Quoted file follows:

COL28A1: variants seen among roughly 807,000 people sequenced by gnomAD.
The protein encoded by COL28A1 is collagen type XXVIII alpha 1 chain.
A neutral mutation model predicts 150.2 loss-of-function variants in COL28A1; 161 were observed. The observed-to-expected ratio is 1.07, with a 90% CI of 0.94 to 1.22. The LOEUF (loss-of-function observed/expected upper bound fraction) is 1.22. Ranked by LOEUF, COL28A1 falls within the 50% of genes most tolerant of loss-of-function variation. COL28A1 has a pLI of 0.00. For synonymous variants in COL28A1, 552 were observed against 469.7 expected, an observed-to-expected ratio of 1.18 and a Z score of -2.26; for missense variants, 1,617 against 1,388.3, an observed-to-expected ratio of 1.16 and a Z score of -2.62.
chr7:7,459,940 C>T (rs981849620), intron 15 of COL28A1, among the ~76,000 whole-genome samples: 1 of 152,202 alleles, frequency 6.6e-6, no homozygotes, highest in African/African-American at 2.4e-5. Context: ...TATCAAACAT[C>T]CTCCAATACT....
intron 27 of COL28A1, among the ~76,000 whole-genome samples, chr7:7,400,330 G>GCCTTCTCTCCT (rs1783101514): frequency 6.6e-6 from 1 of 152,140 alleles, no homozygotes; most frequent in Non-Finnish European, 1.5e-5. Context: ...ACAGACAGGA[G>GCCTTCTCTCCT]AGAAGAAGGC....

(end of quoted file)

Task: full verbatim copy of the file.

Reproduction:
COL28A1: variants seen among roughly 807,000 people sequenced by gnomAD.
The protein encoded by COL28A1 is collagen type XXVIII alpha 1 chain.
A neutral mutation model predicts 150.2 loss-of-function variants in COL28A1; 161 were observed. The observed-to-expected ratio is 1.07, with a 90% CI of 0.94 to 1.22. The LOEUF (loss-of-function observed/expected upper bound fraction) is 1.22. Ranked by LOEUF, COL28A1 falls within the 50% of genes most tolerant of loss-of-function variation. COL28A1 has a pLI of 0.00. For synonymous variants in COL28A1, 552 were observed against 469.7 expected, an observed-to-expected ratio of 1.18 and a Z score of -2.26; for missense variants, 1,617 against 1,388.3, an observed-to-expected ratio of 1.16 and a Z score of -2.62.
chr7:7,459,940 C>T (rs981849620), intron 15 of COL28A1, among the ~76,000 whole-genome samples: 1 of 152,202 alleles, frequency 6.6e-6, no homozygotes, highest in African/African-American at 2.4e-5. Context: ...TATCAAACAT[C>T]CTCCAATACT....
intron 27 of COL28A1, among the ~76,000 whole-genome samples, chr7:7,400,330 G>GCCTTCTCTCCT (rs1783101514): frequency 6.6e-6 from 1 of 152,140 alleles, no homozygotes; most frequent in Non-Finnish European, 1.5e-5. Context: ...ACAGACAGGA[G>GCCTTCTCTCCT]AGAAGAAGGC....